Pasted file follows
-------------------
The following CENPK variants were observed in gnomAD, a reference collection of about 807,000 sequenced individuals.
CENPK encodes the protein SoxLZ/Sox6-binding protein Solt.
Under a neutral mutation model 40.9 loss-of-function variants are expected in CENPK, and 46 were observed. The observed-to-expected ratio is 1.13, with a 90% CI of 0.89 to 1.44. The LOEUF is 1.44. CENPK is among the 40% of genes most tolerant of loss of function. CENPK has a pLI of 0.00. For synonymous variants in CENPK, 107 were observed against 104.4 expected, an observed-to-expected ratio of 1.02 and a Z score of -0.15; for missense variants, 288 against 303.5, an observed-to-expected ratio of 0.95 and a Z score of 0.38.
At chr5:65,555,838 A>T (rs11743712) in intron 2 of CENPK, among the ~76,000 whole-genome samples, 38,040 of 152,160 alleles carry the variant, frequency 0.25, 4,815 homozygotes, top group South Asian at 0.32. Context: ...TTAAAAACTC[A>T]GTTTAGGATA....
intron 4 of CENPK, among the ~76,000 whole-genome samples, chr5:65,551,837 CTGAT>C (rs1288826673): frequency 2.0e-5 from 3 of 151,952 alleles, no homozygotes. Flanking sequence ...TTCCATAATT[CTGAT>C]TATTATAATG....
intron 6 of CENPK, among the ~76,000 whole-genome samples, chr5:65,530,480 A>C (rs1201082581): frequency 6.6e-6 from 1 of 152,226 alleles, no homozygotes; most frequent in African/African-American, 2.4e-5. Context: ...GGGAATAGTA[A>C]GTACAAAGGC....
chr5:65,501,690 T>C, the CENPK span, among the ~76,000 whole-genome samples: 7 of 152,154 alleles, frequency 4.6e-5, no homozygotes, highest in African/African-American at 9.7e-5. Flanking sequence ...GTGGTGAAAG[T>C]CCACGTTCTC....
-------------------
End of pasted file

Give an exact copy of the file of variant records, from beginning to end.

The following CENPK variants were observed in gnomAD, a reference collection of about 807,000 sequenced individuals.
CENPK encodes the protein SoxLZ/Sox6-binding protein Solt.
Under a neutral mutation model 40.9 loss-of-function variants are expected in CENPK, and 46 were observed. The observed-to-expected ratio is 1.13, with a 90% CI of 0.89 to 1.44. The LOEUF is 1.44. CENPK is among the 40% of genes most tolerant of loss of function. CENPK has a pLI of 0.00. For synonymous variants in CENPK, 107 were observed against 104.4 expected, an observed-to-expected ratio of 1.02 and a Z score of -0.15; for missense variants, 288 against 303.5, an observed-to-expected ratio of 0.95 and a Z score of 0.38.
At chr5:65,555,838 A>T (rs11743712) in intron 2 of CENPK, among the ~76,000 whole-genome samples, 38,040 of 152,160 alleles carry the variant, frequency 0.25, 4,815 homozygotes, top group South Asian at 0.32. Context: ...TTAAAAACTC[A>T]GTTTAGGATA....
intron 4 of CENPK, among the ~76,000 whole-genome samples, chr5:65,551,837 CTGAT>C (rs1288826673): frequency 2.0e-5 from 3 of 151,952 alleles, no homozygotes. Flanking sequence ...TTCCATAATT[CTGAT>C]TATTATAATG....
intron 6 of CENPK, among the ~76,000 whole-genome samples, chr5:65,530,480 A>C (rs1201082581): frequency 6.6e-6 from 1 of 152,226 alleles, no homozygotes; most frequent in African/African-American, 2.4e-5. Context: ...GGGAATAGTA[A>C]GTACAAAGGC....
chr5:65,501,690 T>C, the CENPK span, among the ~76,000 whole-genome samples: 7 of 152,154 alleles, frequency 4.6e-5, no homozygotes, highest in African/African-American at 9.7e-5. Flanking sequence ...GTGGTGAAAG[T>C]CCACGTTCTC....